Inside Glamour U.K.'s female empowerment mission

17 March 2022

"We set out to help men understand how sexism and misogyny make women feel. They don’t know what it’s like for us to feel unsafe walking at night, or to be paid less than our male counterparts for the same work."

Deborah Joseph, Glamour’s Deputy Global Editorial Director, is deeply passionate about fighting gender inequality. From bringing men into the conversation about sexism and misogyny, to educating children from a young age about the gender imbalances that exist in all areas of our societies, Joseph believes there is lots of work to be done but there are actions we can do today that will bring about meaningful progression.

Glamour U.K. is at the forefront of driving these important conversations. We spoke to Joseph about the brand’s International Women’s Day campaign, why misogyny is often internalized by women and the importance of male allyship.

Tell us about Glamour's “Allyship in the Face of Misogyny” campaign and how it came together.

Like all of our ideas, the inspiration for our International Women’s Day moving covers campaign came from our morning brainstorm. These are always filled with diverse opinions where the topic of feminism is never far from the conversation. When we sat down to discuss what we should do, male allyship was a common theme that we wanted to explore. We were thinking about where we, as women, find support in times of gender inequality and who we turn to when faced with everyday sexism or misogyny. We thought it could be interesting to ask high-profile feminists to nominate their chosen male ally, opening up a dialogue around the support women need and how men can better provide this. We wanted to bring men into the conversation and make them part of the solution, by showing them how they can be better allies to us. Because men are part of the solution

Tell us about the four feminists you invited to take part in this project – why were they chosen and what did you learn from them in the process?

We wanted this piece to platform a range of women across a variety of industries and backgrounds to showcase the universal nature of women’s experiences of misogyny. From influential political activists like Gina Martin and Charlie Craggs – who are committed to fighting gender inequality in their everyday working lives – to high profile women like Rochelle Humes and Leomie Anderson who, although don’t speak about sexism and misogyny for work, have still felt it as women. We wanted to show that the feminist issues we face daily are felt so widely in different contexts and are relatable to every woman.

Allyship is a powerful thing. Tell us about what it means to you and why it is so important to Glamour and its audiences.

I think what we set out to achieve with this is to help men understand how sexism and misogyny make women feel. They don’t know what it’s like for us to feel unsafe walking at night, or to be paid less than our male counterparts for the same work. Even the men we love, who want to support and protect us, can’t always understand what we go through — and that’s something that’s felt universally. So many of us struggle to communicate these fears and frustrations with our partners, friends, brothers or fathers because we don’t have the language - it’s often internalised.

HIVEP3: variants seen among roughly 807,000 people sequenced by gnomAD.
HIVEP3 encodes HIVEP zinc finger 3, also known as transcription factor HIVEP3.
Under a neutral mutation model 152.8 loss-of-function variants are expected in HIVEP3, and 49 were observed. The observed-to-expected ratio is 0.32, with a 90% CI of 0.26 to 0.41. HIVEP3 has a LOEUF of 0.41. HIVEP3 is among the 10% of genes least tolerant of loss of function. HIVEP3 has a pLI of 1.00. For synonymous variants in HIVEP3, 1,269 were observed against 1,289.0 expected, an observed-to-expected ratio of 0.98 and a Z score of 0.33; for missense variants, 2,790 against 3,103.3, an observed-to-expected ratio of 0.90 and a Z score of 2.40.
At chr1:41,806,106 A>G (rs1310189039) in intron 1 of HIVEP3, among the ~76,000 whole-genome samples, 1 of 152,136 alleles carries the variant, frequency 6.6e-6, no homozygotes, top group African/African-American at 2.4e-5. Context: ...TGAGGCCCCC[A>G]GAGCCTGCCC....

We want to help women have the courage to find their voice and to share how they feel with the men in their lives, by creating this candid dialogue with our chosen feminists. So we could help women tell men what they need. And help men better understand what’s needed.

What would you say is the difference between sexism and misogyny?

Misogyny is often internalised and it’s the system of structural oppression and unconscious bias that comes from living in a patriarchal society. For example, medical misogyny comes from the fact that all research was originally based on men, which trickles down to women’s pain not being fully understood to the fact that airbags in cars were tested on men, resulting in more women dying in accidents. A society built by men for men, creates an environment where women aren’t treated equally.

Sexism is the way misogyny plays out in everyday life, from language and assumptions about and towards women that hold us back from equality.

We still have a long way to go in achieving gender equality. Where do you see Glamour’s role in helping us get there? And will we get there?

As a mother of two young girls and one boy, I know first hand how important it is to educate children equally from a very young age. Schools have a huge role to play in how all children are socialised, it’s going to take a couple of generations to get to where we need to be as we are fighting thousands of years of misogyny and an entirely systemic patriarchal structure. For example, economists predict it’s going to take over 100 years for the pay gap to close. At Glamour we are working hard to speed up this progress for women in an engaging way.

We have to be better at educating girls on dealing with feminist issues but this should be something that boys learn about too. Just in the same way that we should be teaching young women about managing and talking about money and showing them the opportunities available to them in traditionally male dominated industries like science and engineering.

What exciting projects does Glamour have coming up in the months ahead (that you can tell us about!)?

We are working all year round on activations that raise up women. We are also working on our “Beauty Weekender” event (stay tuned!). It’s always such a fun event, packed with self-care, hair, make-up and conversations around body image and empowerment. We also have some special guests at our content stages covering a range of topics on women’s empowerment.